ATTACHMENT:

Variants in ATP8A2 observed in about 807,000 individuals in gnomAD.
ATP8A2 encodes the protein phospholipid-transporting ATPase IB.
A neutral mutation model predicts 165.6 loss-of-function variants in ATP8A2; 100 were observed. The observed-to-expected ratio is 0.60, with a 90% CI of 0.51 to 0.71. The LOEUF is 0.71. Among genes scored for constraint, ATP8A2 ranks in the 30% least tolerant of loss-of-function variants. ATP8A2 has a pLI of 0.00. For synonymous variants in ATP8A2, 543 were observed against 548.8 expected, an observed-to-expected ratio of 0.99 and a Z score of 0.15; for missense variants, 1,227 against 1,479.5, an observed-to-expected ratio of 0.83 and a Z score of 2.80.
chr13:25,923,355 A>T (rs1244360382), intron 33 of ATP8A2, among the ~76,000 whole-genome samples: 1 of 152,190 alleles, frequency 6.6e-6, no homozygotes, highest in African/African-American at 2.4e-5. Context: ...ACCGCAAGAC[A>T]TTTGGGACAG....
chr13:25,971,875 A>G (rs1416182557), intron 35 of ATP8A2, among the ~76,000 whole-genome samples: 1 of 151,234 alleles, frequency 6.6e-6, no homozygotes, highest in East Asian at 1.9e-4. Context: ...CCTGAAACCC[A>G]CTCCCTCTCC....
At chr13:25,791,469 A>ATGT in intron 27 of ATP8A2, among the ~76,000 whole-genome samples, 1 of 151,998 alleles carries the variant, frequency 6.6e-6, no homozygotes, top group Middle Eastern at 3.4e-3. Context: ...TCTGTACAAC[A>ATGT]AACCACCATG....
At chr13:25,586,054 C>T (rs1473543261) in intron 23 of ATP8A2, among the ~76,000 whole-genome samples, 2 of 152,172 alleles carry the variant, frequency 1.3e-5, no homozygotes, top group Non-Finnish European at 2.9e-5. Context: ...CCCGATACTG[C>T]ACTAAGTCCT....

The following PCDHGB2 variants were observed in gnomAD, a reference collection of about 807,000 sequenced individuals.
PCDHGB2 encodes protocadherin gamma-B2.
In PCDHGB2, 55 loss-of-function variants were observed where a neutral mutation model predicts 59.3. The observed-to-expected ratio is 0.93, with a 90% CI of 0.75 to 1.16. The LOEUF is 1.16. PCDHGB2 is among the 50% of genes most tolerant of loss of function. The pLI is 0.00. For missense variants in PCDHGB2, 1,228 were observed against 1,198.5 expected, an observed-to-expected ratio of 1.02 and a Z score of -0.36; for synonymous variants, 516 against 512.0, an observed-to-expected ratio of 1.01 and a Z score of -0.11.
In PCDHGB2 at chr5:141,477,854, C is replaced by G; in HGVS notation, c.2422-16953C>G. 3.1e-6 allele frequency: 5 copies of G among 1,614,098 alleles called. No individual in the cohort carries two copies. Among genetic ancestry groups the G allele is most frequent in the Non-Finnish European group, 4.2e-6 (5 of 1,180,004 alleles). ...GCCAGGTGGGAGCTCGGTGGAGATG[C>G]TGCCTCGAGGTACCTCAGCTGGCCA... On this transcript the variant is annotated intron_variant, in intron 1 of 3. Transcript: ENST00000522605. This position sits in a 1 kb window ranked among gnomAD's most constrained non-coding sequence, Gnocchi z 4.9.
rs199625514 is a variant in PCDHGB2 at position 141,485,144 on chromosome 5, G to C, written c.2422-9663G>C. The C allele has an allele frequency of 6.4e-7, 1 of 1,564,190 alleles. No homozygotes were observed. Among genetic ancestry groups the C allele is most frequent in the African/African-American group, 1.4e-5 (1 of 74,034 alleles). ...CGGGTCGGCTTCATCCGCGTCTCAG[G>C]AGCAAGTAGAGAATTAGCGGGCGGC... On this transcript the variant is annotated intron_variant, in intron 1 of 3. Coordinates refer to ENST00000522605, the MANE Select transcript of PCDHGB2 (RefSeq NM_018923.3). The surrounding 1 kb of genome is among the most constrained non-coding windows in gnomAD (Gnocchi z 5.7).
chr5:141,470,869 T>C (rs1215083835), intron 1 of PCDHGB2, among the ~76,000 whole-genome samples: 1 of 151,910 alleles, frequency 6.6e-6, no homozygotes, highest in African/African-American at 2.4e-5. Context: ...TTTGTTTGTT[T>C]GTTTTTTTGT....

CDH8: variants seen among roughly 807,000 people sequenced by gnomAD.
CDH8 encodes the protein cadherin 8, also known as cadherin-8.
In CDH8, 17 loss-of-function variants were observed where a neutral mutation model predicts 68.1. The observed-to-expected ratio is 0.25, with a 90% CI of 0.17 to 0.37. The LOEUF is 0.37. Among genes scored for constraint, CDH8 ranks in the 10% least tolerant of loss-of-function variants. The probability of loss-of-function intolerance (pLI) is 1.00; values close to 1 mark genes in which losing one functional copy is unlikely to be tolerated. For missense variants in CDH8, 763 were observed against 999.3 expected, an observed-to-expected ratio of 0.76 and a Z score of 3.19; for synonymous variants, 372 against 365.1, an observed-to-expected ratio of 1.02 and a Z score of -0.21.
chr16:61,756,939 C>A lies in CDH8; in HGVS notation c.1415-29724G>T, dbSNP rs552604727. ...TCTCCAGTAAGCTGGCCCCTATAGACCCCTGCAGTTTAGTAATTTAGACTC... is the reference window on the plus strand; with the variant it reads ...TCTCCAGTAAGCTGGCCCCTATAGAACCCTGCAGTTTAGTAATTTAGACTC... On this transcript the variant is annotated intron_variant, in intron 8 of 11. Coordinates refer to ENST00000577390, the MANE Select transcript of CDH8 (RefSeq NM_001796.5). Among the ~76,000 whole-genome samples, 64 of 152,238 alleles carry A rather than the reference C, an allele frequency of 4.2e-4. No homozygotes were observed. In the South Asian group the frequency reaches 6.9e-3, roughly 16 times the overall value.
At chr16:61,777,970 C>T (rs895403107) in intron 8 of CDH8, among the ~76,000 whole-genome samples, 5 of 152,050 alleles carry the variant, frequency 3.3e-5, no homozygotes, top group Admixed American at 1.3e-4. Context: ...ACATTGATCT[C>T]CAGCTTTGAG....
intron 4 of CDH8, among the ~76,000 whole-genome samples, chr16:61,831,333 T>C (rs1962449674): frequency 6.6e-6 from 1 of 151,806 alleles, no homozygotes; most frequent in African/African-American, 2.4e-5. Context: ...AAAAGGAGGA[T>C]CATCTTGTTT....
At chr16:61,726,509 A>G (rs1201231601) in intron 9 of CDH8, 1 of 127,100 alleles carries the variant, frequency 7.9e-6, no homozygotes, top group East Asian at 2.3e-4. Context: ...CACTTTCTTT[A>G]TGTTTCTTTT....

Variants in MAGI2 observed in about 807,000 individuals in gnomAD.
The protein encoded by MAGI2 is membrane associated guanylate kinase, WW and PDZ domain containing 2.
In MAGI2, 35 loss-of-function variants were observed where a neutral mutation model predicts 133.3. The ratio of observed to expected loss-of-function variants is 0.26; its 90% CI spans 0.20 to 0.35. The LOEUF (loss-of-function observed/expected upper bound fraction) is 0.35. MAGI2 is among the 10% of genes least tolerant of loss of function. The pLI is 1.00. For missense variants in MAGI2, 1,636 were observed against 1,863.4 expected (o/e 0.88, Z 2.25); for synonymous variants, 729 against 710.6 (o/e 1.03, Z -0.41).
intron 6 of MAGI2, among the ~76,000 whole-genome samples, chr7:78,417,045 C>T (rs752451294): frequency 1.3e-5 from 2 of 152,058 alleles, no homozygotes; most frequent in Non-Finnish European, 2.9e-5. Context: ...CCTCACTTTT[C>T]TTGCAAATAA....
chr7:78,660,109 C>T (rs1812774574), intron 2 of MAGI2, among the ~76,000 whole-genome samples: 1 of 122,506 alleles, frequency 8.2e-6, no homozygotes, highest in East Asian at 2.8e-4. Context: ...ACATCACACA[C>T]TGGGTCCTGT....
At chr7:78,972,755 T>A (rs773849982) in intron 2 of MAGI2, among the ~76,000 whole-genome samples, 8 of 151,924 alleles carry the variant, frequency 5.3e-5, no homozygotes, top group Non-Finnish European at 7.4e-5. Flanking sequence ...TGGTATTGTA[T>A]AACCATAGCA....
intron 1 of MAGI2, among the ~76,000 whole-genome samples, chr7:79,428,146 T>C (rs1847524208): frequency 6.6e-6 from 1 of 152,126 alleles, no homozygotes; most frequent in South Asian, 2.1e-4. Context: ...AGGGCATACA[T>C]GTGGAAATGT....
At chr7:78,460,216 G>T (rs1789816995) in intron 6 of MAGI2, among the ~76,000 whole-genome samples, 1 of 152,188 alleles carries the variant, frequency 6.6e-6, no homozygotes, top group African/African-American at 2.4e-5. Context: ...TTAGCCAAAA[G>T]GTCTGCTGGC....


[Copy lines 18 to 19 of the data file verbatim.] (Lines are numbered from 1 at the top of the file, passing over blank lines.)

At chr16:61,777,970 C>T (rs895403107) in intron 8 of CDH8, among the ~76,000 whole-genome samples, 5 of 152,050 alleles carry the variant, frequency 3.3e-5, no homozygotes, top group Admixed American at 1.3e-4. Context: ...ACATTGATCT[C>T]CAGCTTTGAG....
intron 4 of CDH8, among the ~76,000 whole-genome samples, chr16:61,831,333 T>C (rs1962449674): frequency 6.6e-6 from 1 of 151,806 alleles, no homozygotes; most frequent in African/African-American, 2.4e-5. Context: ...AAAAGGAGGA[T>C]CATCTTGTTT....